Our cat doesn't like it as well as the old radiant heater, she would lay in front of it and sleep. This doesn't "radiate" the heat so she didn't have a hot spot.
Nice to not to have to take a chance with the propane bottle in the camper, a little scary. Now more like home.
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Old 10-11-2017, 11:01 AM   #8
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Awesome report! I need to do something to try and conserve propane. When we get into cool days and nights, I go through it like a frat boy and a beer keg.
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Old 10-12-2017, 10:42 AM   #9
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That's a neat looking install. Just the pic looks really cozy.
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Old 10-12-2017, 11:50 AM   #10
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You do know that those types of heaters should not be used in an enclosed environment without opening a window for fresh air ventilation?

Many people have died from using them indoors improperly. Anybody remember the kerosene heaters that were popular for extra heat back in the 70's?
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Old 10-12-2017, 11:54 AM   #11
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Quote:
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You do know that those types of heaters should not be used in an enclosed environment without opening a window for fresh air ventilation?

Many people have died from using them indoors improperly. Anybody remember the kerosene heaters that were popular for extra heat back in the 70's?


We are well aware of the hazards. We have a window in the back & a vent or two open in the front with a small fan running. Really worked out great down to 18*.
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Old 10-12-2017, 12:00 PM   #12
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Ok, just thought I bring it up just in case. Not trying to burst your bubble.
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Old 10-12-2017, 12:21 PM   #13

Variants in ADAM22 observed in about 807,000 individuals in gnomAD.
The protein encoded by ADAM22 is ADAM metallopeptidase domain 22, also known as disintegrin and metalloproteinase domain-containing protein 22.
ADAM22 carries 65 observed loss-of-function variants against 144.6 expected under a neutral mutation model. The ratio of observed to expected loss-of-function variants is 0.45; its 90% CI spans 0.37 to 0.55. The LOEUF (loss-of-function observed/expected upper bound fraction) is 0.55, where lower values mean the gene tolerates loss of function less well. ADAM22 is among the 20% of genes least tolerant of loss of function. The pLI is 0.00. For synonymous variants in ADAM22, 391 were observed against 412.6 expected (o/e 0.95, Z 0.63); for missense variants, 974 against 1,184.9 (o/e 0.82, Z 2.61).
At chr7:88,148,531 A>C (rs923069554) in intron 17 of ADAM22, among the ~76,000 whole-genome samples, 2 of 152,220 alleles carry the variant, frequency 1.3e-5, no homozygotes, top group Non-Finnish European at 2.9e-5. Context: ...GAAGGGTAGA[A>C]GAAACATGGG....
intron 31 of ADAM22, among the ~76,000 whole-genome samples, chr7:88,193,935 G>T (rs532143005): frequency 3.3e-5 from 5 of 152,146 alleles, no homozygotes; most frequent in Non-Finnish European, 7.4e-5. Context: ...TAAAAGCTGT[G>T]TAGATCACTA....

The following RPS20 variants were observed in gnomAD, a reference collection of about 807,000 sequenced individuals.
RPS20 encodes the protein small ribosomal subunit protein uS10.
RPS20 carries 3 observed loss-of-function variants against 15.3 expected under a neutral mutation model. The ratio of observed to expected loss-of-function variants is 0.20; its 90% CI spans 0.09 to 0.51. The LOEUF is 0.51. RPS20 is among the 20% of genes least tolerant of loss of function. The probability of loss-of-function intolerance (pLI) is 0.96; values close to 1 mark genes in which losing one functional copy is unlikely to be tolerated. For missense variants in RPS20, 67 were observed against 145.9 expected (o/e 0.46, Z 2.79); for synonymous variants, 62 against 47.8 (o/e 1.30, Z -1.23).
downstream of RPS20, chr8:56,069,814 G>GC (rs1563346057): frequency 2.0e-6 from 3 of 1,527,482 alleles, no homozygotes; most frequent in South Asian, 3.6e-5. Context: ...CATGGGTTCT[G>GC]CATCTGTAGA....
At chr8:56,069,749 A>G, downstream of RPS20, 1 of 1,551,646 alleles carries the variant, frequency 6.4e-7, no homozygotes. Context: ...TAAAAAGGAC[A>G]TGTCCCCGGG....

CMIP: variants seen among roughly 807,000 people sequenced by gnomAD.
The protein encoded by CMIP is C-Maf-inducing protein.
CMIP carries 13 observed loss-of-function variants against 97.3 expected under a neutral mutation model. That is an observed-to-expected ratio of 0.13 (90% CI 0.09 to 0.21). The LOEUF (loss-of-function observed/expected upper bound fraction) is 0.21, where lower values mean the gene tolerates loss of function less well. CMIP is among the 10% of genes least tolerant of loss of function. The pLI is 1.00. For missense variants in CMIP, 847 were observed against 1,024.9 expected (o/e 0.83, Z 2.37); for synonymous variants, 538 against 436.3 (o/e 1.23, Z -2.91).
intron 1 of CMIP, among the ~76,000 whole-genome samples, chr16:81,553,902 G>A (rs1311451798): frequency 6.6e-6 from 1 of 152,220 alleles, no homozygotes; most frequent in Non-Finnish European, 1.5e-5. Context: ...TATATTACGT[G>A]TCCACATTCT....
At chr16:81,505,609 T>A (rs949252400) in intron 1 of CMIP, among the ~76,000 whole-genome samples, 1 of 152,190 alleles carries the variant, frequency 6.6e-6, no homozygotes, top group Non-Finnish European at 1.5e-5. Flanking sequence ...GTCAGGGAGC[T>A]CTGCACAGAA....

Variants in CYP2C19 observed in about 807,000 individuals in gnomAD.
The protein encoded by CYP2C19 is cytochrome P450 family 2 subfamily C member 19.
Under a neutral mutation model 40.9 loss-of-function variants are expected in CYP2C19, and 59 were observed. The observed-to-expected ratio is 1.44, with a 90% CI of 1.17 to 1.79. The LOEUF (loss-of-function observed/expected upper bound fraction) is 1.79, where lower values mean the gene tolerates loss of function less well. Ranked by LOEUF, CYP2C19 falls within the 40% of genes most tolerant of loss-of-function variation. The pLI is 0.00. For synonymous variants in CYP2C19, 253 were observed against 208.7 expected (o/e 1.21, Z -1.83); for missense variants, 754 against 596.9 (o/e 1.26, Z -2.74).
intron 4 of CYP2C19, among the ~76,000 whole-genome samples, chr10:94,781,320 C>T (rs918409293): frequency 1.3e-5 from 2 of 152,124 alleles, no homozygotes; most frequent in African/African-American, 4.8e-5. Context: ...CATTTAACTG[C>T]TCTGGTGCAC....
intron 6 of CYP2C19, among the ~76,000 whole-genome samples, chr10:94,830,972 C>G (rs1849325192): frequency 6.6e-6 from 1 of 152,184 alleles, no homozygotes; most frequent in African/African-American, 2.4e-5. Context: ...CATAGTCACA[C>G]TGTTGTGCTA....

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Quote:
Originally Posted by herbike View Post
A little follow up on the heater install. Used it 7 days in temps down to 18*. Really was a life saver in the evenings when we got too cold to sit out by the fire. Worked as advertised. We did learn we still needed to let the furnace run at night, water to toilet froze one night but thawed next morning, that was the only problem we had with low temps.
Our cat doesn't like it as well as the old radiant heater, she would lay in front of it and sleep. This doesn't "radiate" the heat so she didn't have a hot spot.
Nice to not to have to take a chance with the propane bottle in the camper, a little scary. Now more like home.
Nice looking install.
For future reference for the cat... they make two versions of that propane wall heater. One heats the air (like you have) and one is a ceramic radiant heater.
Maybe you knew that... maybe you didn't... just sayin'.
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Old 10-12-2017, 02:21 PM   #14
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Nice looking install.

For future reference for the cat... they make two versions of that propane wall heater. One heats the air (like you have) and one is a ceramic radiant heater.

Maybe you knew that... maybe you didn't... just sayin'.


Yes, we had a portable radiant heater that we had to have the tank in the camper, scary plus the radiant part was a little more dangerous I thought.
We really like this one. Water heater (on demand) and furnace with this heater used 15 gallon of propane in a week of snow and cold weather.